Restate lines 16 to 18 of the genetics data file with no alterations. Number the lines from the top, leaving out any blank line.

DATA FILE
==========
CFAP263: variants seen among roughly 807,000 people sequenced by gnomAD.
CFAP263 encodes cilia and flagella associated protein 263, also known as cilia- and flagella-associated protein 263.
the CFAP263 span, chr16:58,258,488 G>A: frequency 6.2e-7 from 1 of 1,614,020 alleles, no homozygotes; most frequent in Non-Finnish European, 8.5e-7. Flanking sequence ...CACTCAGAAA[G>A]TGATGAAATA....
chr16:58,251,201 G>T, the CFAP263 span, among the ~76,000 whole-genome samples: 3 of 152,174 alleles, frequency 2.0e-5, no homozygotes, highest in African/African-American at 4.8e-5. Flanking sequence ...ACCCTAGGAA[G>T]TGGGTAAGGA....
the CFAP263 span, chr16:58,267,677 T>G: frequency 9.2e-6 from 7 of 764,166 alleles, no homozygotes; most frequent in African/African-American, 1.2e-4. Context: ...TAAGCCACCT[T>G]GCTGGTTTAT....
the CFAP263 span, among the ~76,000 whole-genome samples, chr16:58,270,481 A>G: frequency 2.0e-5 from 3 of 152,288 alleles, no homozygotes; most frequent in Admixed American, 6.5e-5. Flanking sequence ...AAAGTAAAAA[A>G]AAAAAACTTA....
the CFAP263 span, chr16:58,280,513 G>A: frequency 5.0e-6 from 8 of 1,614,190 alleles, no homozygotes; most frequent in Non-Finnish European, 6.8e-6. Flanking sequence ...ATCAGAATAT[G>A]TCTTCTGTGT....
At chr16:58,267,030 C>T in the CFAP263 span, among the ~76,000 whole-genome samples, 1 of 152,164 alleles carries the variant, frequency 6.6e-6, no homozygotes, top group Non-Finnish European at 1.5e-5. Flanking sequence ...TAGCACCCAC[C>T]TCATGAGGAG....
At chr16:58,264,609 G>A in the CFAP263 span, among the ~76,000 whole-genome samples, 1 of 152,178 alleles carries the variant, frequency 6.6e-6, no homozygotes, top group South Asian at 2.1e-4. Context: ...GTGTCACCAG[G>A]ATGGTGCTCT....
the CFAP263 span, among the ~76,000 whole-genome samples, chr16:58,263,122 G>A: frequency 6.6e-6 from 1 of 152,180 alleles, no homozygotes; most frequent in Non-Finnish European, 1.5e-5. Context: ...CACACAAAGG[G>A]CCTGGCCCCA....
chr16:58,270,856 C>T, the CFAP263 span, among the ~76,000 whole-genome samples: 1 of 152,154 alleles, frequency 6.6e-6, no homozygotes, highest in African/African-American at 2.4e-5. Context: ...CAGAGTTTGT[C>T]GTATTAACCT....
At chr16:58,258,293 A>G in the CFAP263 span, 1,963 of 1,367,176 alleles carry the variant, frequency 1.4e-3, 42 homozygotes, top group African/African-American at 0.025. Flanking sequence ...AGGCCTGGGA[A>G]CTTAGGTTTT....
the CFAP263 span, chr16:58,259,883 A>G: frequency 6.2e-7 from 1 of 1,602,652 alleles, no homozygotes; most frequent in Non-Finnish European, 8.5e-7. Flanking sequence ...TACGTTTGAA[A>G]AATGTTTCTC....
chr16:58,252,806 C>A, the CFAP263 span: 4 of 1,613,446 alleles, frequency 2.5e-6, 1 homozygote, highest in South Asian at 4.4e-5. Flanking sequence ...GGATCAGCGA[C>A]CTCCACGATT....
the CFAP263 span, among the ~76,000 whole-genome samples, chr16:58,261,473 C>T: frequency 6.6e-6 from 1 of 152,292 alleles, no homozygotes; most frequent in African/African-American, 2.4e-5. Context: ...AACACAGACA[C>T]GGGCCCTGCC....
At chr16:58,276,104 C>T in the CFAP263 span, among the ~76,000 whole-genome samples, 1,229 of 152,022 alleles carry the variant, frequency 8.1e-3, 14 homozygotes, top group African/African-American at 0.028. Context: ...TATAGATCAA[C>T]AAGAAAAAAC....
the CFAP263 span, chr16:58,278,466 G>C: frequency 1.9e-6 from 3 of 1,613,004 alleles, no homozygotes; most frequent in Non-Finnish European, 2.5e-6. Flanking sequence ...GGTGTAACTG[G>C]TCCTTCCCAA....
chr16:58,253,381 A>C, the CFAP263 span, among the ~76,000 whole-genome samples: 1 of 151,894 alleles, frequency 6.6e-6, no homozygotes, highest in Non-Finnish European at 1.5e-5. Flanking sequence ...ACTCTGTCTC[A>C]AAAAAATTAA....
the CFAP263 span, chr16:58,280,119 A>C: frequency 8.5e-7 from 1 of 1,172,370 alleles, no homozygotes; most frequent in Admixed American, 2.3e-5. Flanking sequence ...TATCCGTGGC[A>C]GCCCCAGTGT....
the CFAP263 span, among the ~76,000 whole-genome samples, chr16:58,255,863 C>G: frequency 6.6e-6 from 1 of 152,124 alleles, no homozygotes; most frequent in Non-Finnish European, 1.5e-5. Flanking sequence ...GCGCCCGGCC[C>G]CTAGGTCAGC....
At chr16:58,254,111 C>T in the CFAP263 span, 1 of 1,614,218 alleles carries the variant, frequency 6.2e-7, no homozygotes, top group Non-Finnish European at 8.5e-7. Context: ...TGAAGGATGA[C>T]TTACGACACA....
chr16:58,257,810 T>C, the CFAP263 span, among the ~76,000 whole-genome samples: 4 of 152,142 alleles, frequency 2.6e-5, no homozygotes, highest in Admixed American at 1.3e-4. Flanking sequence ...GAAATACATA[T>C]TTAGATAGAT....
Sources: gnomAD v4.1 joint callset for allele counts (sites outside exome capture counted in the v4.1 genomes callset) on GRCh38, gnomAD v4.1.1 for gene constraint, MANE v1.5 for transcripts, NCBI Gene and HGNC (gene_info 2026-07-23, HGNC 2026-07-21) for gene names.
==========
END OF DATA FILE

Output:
At chr16:58,276,104 C>T in the CFAP263 span, among the ~76,000 whole-genome samples, 1,229 of 152,022 alleles carry the variant, frequency 8.1e-3, 14 homozygotes, top group African/African-American at 0.028. Context: ...TATAGATCAA[C>T]AAGAAAAAAC....
the CFAP263 span, chr16:58,278,466 G>C: frequency 1.9e-6 from 3 of 1,613,004 alleles, no homozygotes; most frequent in Non-Finnish European, 2.5e-6. Flanking sequence ...GGTGTAACTG[G>C]TCCTTCCCAA....
chr16:58,253,381 A>C, the CFAP263 span, among the ~76,000 whole-genome samples: 1 of 151,894 alleles, frequency 6.6e-6, no homozygotes, highest in Non-Finnish European at 1.5e-5. Flanking sequence ...ACTCTGTCTC[A>C]AAAAAATTAA....